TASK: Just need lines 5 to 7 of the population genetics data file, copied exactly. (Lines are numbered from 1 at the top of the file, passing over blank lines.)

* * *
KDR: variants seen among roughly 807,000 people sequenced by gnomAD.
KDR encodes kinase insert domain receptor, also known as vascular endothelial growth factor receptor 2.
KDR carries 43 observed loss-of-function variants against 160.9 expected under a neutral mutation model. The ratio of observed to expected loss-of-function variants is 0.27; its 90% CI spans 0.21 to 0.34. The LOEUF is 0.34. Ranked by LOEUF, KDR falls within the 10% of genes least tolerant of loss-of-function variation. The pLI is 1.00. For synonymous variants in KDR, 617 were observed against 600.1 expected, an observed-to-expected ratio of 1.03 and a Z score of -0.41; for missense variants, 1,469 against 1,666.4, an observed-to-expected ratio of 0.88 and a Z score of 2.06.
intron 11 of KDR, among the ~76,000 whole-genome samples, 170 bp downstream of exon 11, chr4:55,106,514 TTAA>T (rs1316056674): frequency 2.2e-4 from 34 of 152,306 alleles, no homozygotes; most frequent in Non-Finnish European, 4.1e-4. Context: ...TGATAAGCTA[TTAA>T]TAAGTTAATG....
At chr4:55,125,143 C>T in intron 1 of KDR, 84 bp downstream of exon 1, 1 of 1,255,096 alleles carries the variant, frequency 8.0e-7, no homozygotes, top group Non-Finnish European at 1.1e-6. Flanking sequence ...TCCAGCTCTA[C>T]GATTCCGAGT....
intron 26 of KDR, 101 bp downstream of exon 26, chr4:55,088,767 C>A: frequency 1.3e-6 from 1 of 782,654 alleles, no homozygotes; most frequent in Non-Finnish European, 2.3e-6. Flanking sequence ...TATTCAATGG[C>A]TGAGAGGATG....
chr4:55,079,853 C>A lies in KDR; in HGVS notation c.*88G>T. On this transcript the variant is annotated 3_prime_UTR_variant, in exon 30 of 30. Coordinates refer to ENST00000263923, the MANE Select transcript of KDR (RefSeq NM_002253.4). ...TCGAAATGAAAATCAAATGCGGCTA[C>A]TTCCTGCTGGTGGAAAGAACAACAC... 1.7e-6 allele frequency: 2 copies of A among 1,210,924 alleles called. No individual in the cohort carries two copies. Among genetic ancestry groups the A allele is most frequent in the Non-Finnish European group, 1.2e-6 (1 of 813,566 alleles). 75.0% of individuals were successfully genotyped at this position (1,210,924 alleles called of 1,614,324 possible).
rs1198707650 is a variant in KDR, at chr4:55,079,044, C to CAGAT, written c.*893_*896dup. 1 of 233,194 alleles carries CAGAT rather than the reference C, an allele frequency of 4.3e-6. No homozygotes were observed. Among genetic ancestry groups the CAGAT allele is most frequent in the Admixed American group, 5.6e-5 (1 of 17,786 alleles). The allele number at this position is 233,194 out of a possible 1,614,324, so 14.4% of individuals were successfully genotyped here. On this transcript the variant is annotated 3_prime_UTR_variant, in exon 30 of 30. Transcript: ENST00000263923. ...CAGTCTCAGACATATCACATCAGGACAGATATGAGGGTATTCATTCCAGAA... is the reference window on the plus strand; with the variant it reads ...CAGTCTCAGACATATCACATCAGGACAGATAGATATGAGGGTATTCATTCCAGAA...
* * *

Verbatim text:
At chr4:55,125,143 C>T in intron 1 of KDR, 84 bp downstream of exon 1, 1 of 1,255,096 alleles carries the variant, frequency 8.0e-7, no homozygotes, top group Non-Finnish European at 1.1e-6. Flanking sequence ...TCCAGCTCTA[C>T]GATTCCGAGT....
intron 26 of KDR, 101 bp downstream of exon 26, chr4:55,088,767 C>A: frequency 1.3e-6 from 1 of 782,654 alleles, no homozygotes; most frequent in Non-Finnish European, 2.3e-6. Flanking sequence ...TATTCAATGG[C>A]TGAGAGGATG....
chr4:55,079,853 C>A lies in KDR; in HGVS notation c.*88G>T. On this transcript the variant is annotated 3_prime_UTR_variant, in exon 30 of 30. Coordinates refer to ENST00000263923, the MANE Select transcript of KDR (RefSeq NM_002253.4). ...TCGAAATGAAAATCAAATGCGGCTA[C>A]TTCCTGCTGGTGGAAAGAACAACAC... 1.7e-6 allele frequency: 2 copies of A among 1,210,924 alleles called. No individual in the cohort carries two copies. Among genetic ancestry groups the A allele is most frequent in the Non-Finnish European group, 1.2e-6 (1 of 813,566 alleles). 75.0% of individuals were successfully genotyped at this position (1,210,924 alleles called of 1,614,324 possible).